Already plunged into darkness after electricity was cut a few weeks ago, Palestinians found themselves even more isolated, crammed into homes and shelters, with food and water supplies running low. Attempts to reach Gaza residents by telephone were largely unsuccessful Saturday morning.
Relatives outside Gaza panicked after their messaging conversations with families inside suddenly stopped and phone calls stopped going through.
Wafaa Abdul Rahman, director of a feminist organization based in the West Bank city of Ramallah, said she had not heard from her family in central Gaza for hours. “We saw these horrible things and massacres live on television, so now what happens if there is a total blackout? » she asked, referring to scenes of families crushed in their homes by airstrikes in recent weeks.
Israeli military spokesman Rear Admiral Daniel Hagari said Friday evening that ground forces were “expanding their activity” in Gaza and “acting with great force…to achieve the objectives of the war.” Israel says its strikes target Hamas fighters and infrastructure and that militants operate among civilians, putting them at risk.
The Hamas press center reported violent nighttime clashes with Israeli forces in several locations, including what it called an Israeli incursion east of the Bureij refugee camp.
Asked about this report, the Israeli army reiterated on Saturday that it had carried out targeted raids and expanded strikes in order to “prepare the ground for future stages of the operation”.
Israel has amassed hundreds of thousands of troops along the border in preparation for an expected ground offensive. Since mid-week, the military has reported hours-long nighttime raids by ground forces in Gaza, saying troops struck Hamas targets in an effort to prepare the battlefield.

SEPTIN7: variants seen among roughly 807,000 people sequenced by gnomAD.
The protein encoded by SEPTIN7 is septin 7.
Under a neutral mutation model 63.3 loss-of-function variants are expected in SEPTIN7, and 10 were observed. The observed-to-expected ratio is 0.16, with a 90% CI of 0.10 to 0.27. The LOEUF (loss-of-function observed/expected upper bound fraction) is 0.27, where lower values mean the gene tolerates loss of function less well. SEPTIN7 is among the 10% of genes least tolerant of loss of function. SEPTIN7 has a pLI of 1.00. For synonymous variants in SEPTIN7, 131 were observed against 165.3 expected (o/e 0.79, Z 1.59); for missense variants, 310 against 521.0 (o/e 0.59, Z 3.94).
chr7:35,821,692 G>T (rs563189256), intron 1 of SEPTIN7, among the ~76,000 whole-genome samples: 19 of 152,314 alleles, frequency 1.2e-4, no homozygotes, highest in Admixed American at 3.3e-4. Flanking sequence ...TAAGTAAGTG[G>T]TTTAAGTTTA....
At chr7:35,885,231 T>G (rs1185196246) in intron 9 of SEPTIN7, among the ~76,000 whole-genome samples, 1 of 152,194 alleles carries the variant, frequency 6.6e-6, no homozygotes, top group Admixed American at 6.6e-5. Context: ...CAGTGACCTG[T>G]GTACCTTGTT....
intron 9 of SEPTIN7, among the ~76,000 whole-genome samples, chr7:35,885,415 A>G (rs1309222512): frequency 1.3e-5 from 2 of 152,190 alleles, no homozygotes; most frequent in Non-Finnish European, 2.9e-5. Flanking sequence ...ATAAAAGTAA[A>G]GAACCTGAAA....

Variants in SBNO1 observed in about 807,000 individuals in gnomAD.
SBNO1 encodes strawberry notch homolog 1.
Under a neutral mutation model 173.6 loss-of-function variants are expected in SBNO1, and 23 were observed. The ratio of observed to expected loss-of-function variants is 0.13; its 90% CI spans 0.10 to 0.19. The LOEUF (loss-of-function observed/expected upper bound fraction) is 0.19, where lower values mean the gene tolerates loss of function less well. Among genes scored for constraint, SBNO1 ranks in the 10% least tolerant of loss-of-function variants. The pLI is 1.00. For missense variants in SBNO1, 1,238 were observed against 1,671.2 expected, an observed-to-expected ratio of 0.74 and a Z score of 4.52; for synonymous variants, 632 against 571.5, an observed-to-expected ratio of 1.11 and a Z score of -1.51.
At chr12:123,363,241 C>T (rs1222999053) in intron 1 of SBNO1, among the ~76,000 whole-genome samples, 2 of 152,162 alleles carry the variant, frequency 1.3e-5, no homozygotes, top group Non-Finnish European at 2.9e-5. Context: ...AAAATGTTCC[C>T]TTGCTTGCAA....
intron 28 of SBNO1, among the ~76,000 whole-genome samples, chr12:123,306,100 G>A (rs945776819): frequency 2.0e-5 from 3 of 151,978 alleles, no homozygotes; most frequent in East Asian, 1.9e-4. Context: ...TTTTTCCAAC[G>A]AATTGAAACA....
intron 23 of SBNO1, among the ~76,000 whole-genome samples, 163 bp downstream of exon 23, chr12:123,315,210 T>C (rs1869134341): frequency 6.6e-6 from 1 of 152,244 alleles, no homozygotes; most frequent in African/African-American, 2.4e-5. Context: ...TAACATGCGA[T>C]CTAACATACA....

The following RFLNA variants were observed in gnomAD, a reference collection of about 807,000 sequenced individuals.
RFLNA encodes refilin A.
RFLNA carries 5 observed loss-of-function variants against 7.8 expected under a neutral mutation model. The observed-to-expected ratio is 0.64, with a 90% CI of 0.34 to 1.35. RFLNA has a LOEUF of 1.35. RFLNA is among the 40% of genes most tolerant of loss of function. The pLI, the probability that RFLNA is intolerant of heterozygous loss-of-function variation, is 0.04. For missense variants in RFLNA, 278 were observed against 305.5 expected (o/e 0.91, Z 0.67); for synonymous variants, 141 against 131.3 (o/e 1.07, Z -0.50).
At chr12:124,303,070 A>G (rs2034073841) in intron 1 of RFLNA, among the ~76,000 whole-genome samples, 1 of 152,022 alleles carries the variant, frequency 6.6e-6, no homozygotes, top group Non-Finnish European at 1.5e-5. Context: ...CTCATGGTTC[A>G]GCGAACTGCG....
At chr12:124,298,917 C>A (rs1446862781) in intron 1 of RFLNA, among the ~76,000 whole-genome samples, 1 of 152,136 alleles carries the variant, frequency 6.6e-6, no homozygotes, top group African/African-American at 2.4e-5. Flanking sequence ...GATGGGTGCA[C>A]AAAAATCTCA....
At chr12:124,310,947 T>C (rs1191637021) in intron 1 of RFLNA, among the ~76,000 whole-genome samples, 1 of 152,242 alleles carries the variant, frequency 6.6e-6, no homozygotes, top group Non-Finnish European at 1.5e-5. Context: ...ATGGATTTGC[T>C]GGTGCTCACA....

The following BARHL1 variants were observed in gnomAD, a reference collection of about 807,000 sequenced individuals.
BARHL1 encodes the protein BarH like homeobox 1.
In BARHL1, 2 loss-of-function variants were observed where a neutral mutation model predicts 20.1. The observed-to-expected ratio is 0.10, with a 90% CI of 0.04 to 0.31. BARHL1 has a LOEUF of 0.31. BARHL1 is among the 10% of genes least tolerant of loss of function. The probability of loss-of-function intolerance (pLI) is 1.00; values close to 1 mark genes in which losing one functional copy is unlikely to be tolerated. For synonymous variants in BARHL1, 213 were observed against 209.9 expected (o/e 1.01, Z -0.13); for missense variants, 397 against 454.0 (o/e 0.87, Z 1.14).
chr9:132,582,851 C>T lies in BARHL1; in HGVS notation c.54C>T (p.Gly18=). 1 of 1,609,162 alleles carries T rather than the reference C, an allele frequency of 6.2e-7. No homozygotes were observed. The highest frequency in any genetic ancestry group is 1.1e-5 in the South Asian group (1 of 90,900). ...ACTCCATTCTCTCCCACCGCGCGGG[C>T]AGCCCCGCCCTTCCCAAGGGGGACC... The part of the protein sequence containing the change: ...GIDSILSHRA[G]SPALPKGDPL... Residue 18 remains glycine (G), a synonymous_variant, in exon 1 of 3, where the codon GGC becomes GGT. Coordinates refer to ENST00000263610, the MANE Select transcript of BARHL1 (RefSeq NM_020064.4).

Defense Minister Yoav Gallant said Israel plans to launch a long and difficult ground offensive on Gaza soon. It “will take a long time” to dismantle Hamas’ vast network of tunnels, he said, adding that he expected a long phase of lower-intensity fighting while Israel destroyed “pockets of resistance.” “.
His comments pointed to a new phase of the potentially exhausting and endless war, after three weeks of relentless bombardment.
Israel has said it aims to crush Hamas’ power in Gaza and its ability to threaten Israel. How Hamas’ defeat will be measured and what the endgame of an invasion will look like remains unclear. Israel says it does not intend to rule the territory but does not say who it expects to do so.
In Washington, the Pentagon said US Defense Secretary Lloyd Austin spoke with Gallant on Friday and “stressed the importance of protecting civilians during IDF operations and focusing on “urgent delivery of humanitarian aid to civilians in Gaza.” The Pentagon said Austin also spoke of “the need for Hamas to release all hostages.”
The conflict threatens to spark a wider war in the region. Arab countries — including U.S. allies and those that have reached peace deals or normalized relations with Israel — have expressed growing concern over the potential ground invasion of Gaza, which is likely to increase the numbers of victims in the context of urban fighting.